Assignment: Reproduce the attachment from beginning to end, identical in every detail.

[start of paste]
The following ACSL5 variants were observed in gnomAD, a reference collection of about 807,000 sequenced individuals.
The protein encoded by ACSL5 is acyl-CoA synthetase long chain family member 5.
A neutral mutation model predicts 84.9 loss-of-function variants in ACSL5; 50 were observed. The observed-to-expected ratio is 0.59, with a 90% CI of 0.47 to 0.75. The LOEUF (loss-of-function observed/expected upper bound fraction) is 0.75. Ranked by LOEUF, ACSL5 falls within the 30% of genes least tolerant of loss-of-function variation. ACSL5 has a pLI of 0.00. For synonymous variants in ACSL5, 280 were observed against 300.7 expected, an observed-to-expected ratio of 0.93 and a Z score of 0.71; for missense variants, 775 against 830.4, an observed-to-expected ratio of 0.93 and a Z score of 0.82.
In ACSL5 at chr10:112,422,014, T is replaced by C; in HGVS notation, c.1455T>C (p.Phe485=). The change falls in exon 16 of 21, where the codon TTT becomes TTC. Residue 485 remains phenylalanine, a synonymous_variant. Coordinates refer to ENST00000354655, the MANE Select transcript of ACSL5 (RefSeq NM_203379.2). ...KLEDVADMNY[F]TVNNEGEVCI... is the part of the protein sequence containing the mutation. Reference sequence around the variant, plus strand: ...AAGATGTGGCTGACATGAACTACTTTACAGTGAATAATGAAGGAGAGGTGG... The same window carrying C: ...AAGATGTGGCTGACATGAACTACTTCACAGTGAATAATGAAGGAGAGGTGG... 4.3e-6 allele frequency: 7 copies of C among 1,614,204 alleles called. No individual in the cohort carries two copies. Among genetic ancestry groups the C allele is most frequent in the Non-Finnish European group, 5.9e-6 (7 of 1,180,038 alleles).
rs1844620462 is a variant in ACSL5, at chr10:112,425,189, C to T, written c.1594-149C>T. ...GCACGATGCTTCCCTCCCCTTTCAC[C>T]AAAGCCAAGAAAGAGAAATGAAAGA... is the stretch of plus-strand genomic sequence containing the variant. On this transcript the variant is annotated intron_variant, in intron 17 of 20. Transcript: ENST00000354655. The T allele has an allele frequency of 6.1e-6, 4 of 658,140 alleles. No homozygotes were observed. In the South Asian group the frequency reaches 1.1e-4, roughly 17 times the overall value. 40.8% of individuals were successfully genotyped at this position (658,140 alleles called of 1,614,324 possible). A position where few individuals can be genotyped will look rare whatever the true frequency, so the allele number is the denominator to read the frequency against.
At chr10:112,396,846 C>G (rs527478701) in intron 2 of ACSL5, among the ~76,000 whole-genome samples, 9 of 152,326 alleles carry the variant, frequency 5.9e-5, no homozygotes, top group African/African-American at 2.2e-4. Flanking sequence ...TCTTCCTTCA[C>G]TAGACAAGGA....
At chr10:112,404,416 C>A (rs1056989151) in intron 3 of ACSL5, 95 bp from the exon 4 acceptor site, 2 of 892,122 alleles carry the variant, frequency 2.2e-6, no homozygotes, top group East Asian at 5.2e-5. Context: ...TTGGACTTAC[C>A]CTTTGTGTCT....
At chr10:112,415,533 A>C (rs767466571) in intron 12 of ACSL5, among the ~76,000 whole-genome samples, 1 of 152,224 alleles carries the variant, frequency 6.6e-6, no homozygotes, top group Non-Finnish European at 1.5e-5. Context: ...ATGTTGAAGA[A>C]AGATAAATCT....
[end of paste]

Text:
The following ACSL5 variants were observed in gnomAD, a reference collection of about 807,000 sequenced individuals.
The protein encoded by ACSL5 is acyl-CoA synthetase long chain family member 5.
A neutral mutation model predicts 84.9 loss-of-function variants in ACSL5; 50 were observed. The observed-to-expected ratio is 0.59, with a 90% CI of 0.47 to 0.75. The LOEUF (loss-of-function observed/expected upper bound fraction) is 0.75. Ranked by LOEUF, ACSL5 falls within the 30% of genes least tolerant of loss-of-function variation. ACSL5 has a pLI of 0.00. For synonymous variants in ACSL5, 280 were observed against 300.7 expected, an observed-to-expected ratio of 0.93 and a Z score of 0.71; for missense variants, 775 against 830.4, an observed-to-expected ratio of 0.93 and a Z score of 0.82.
In ACSL5 at chr10:112,422,014, T is replaced by C; in HGVS notation, c.1455T>C (p.Phe485=). The change falls in exon 16 of 21, where the codon TTT becomes TTC. Residue 485 remains phenylalanine, a synonymous_variant. Coordinates refer to ENST00000354655, the MANE Select transcript of ACSL5 (RefSeq NM_203379.2). ...KLEDVADMNY[F]TVNNEGEVCI... is the part of the protein sequence containing the mutation. Reference sequence around the variant, plus strand: ...AAGATGTGGCTGACATGAACTACTTTACAGTGAATAATGAAGGAGAGGTGG... The same window carrying C: ...AAGATGTGGCTGACATGAACTACTTCACAGTGAATAATGAAGGAGAGGTGG... 4.3e-6 allele frequency: 7 copies of C among 1,614,204 alleles called. No individual in the cohort carries two copies. Among genetic ancestry groups the C allele is most frequent in the Non-Finnish European group, 5.9e-6 (7 of 1,180,038 alleles).
rs1844620462 is a variant in ACSL5, at chr10:112,425,189, C to T, written c.1594-149C>T. ...GCACGATGCTTCCCTCCCCTTTCAC[C>T]AAAGCCAAGAAAGAGAAATGAAAGA... is the stretch of plus-strand genomic sequence containing the variant. On this transcript the variant is annotated intron_variant, in intron 17 of 20. Transcript: ENST00000354655. The T allele has an allele frequency of 6.1e-6, 4 of 658,140 alleles. No homozygotes were observed. In the South Asian group the frequency reaches 1.1e-4, roughly 17 times the overall value. 40.8% of individuals were successfully genotyped at this position (658,140 alleles called of 1,614,324 possible). A position where few individuals can be genotyped will look rare whatever the true frequency, so the allele number is the denominator to read the frequency against.
At chr10:112,396,846 C>G (rs527478701) in intron 2 of ACSL5, among the ~76,000 whole-genome samples, 9 of 152,326 alleles carry the variant, frequency 5.9e-5, no homozygotes, top group African/African-American at 2.2e-4. Flanking sequence ...TCTTCCTTCA[C>G]TAGACAAGGA....
At chr10:112,404,416 C>A (rs1056989151) in intron 3 of ACSL5, 95 bp from the exon 4 acceptor site, 2 of 892,122 alleles carry the variant, frequency 2.2e-6, no homozygotes, top group East Asian at 5.2e-5. Context: ...TTGGACTTAC[C>A]CTTTGTGTCT....
At chr10:112,415,533 A>C (rs767466571) in intron 12 of ACSL5, among the ~76,000 whole-genome samples, 1 of 152,224 alleles carries the variant, frequency 6.6e-6, no homozygotes, top group Non-Finnish European at 1.5e-5. Context: ...ATGTTGAAGA[A>C]AGATAAATCT....